When the Environmental Protection Agency (EPA) designated the Occupational Health and Safety Administration (OSHA) to be responsible for the health and safety of workers in and around areas of hazardous materials and contaminated waste, OSHA responded by formulating an all encompassing compendium of safety regulations that prescribe operating standards for all aspects of OSHA projects. Almost 2 million people are affected by the OSHA Standard today.
In 1990, additional standards proposed and developed by the National Fire Protection Association (NFPA) and the American Society for Testing and Materials (ASTM) were accepted by OSHA. NFPA Standard 1991 set performance requirements for totally encapsulated vapor tight chemical suits and includes rigid chemical and flame resistance tests and a permeation test against 21 challenge chemicals.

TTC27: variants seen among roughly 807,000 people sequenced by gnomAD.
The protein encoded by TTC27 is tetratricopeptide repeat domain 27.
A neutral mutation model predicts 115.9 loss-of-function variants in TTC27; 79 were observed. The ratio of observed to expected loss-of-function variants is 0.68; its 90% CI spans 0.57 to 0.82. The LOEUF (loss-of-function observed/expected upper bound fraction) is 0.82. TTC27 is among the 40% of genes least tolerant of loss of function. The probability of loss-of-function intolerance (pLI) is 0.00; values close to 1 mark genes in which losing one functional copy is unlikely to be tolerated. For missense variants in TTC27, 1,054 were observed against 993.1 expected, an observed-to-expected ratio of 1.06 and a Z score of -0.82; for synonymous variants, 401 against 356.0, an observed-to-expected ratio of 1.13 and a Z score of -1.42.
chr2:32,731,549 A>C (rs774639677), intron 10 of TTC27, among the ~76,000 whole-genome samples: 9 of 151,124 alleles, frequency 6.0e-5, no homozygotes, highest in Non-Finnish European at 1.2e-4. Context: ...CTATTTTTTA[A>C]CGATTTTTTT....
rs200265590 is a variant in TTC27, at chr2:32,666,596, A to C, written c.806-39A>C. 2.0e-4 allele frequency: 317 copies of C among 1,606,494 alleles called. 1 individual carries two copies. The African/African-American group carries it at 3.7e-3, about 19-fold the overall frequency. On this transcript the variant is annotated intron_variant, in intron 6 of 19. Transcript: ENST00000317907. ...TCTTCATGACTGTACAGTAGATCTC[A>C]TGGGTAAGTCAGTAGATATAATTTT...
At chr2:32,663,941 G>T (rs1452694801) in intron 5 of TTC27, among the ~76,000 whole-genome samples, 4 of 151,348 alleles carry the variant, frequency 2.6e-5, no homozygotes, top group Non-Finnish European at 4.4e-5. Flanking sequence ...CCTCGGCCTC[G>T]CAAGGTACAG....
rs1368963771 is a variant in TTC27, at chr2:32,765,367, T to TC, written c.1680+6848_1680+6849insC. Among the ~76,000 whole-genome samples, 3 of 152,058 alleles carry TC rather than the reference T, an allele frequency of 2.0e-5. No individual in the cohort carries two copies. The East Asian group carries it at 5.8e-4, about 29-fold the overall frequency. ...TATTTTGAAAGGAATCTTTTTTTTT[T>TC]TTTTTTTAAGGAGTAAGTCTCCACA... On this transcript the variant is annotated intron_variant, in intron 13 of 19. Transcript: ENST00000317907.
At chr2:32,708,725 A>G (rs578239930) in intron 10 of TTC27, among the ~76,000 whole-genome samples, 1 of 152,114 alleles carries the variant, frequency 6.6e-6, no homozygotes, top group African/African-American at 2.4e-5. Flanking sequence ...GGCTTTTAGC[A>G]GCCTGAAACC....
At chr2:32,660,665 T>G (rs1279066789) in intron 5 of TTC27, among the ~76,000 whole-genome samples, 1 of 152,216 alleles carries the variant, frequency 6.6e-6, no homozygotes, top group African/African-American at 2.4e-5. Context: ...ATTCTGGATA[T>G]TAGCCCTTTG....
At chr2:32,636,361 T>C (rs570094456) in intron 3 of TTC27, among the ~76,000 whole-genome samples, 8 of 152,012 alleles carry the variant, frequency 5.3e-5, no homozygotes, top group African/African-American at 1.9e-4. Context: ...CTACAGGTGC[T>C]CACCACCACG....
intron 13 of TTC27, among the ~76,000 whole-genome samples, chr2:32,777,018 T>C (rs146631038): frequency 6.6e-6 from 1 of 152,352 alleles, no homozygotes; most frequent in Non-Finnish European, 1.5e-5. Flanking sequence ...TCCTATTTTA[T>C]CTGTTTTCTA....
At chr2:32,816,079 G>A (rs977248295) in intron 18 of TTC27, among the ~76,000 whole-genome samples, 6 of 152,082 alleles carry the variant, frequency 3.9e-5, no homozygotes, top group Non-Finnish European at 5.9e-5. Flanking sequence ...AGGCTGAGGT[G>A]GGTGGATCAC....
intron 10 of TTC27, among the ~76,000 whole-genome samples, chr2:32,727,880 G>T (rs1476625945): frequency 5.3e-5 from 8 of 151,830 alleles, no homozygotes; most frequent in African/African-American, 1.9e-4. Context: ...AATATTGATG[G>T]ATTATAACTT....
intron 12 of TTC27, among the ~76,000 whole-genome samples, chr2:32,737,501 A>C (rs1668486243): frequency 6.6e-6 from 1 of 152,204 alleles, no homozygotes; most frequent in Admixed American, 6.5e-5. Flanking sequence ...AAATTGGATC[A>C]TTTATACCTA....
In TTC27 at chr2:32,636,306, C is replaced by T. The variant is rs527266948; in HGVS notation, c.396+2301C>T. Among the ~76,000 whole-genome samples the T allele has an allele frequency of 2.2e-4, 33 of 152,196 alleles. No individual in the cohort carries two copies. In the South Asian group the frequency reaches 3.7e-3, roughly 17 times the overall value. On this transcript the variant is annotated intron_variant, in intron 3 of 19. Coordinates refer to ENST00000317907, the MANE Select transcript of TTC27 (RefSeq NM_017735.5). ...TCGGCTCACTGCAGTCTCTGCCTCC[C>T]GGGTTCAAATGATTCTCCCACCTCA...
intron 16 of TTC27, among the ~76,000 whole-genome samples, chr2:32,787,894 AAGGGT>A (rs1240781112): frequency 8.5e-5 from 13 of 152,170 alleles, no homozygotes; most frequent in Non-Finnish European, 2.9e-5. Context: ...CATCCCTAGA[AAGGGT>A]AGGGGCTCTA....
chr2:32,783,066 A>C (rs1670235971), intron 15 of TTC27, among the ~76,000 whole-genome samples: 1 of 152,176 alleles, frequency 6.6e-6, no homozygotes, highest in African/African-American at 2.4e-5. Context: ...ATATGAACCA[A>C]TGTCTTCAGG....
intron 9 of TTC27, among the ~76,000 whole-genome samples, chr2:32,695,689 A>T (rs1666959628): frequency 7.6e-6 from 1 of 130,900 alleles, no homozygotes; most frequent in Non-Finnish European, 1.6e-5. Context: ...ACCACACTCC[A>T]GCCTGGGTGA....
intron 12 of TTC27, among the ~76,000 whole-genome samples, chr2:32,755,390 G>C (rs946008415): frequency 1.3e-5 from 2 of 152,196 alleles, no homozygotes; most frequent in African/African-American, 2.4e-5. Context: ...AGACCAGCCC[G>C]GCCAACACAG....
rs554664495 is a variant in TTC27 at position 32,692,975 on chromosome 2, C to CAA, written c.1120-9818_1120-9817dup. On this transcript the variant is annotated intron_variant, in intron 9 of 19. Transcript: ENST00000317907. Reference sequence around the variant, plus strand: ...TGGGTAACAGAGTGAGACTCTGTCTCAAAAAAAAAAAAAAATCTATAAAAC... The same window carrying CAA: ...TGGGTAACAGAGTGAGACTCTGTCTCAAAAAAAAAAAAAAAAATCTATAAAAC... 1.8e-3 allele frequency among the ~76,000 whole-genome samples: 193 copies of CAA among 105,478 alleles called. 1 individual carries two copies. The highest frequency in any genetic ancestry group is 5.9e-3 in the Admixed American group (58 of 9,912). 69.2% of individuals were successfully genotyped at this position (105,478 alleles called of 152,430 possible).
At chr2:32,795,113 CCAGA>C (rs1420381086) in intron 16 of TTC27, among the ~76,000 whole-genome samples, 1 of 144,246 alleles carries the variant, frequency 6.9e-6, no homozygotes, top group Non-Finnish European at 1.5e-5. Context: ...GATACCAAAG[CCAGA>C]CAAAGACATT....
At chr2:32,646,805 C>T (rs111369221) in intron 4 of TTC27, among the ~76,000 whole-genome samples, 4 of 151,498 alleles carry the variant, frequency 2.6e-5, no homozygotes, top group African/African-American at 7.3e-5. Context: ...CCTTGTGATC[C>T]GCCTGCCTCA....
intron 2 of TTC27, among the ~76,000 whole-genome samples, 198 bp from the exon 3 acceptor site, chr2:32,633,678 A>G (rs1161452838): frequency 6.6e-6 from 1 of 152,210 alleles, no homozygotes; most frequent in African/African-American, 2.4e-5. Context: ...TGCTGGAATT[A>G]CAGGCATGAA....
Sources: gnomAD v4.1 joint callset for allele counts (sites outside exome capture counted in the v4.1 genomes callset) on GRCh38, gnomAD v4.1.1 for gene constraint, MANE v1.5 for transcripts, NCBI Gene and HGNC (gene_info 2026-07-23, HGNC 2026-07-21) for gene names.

The basic OSHA Standard calls for 4 levels of protection, A through D, and specifies in detail the equipment and clothing requited to adequately protect the wearer at corresponding danger levels.
Level A represents the greatest danger of respiratory, eye or skin damage from hazardous vapors, gases, particulates, sudden splash, immersion or contact with hazardous materials. It calls for total encapsulation in a vapor tight chemical suit with self-contained breathing apparatus (SCBA) or supplied air and appropriate accessories. Level A chemical protective clothing can also be manufactured to meet NFPA 1991 specifications.